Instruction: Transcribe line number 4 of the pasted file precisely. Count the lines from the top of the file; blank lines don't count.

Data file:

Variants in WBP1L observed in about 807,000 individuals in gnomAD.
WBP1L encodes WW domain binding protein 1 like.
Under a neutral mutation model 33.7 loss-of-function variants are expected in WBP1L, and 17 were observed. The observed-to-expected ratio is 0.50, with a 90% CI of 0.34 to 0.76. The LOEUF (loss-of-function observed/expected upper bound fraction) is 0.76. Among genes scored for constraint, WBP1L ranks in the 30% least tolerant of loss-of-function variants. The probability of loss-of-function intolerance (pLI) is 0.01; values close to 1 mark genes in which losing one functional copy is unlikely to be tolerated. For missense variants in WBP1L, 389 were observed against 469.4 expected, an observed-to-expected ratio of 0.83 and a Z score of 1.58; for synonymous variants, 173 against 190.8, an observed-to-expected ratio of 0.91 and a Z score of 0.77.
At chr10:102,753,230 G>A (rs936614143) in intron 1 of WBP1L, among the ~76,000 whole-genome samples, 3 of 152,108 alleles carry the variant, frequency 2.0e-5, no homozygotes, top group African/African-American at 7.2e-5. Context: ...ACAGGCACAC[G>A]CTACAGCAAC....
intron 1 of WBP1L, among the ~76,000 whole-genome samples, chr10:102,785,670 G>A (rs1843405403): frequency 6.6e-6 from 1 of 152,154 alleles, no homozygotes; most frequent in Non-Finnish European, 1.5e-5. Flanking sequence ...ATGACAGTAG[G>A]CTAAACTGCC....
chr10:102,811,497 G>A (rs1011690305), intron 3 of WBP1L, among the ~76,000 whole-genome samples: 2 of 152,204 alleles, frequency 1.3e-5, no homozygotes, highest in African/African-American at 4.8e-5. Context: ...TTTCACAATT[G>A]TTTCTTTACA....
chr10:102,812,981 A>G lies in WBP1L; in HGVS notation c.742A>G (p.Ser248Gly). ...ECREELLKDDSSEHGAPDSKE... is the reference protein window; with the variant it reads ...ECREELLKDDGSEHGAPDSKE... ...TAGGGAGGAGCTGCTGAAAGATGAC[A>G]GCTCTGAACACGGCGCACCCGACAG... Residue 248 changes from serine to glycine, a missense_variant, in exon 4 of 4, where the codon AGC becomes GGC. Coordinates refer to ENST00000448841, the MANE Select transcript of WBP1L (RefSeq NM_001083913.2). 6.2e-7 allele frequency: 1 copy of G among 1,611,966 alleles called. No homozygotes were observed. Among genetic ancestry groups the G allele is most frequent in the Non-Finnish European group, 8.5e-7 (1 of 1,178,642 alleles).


At chr10:102,753,230 G>A (rs936614143) in intron 1 of WBP1L, among the ~76,000 whole-genome samples, 3 of 152,108 alleles carry the variant, frequency 2.0e-5, no homozygotes, top group African/African-American at 7.2e-5. Context: ...ACAGGCACAC[G>A]CTACAGCAAC....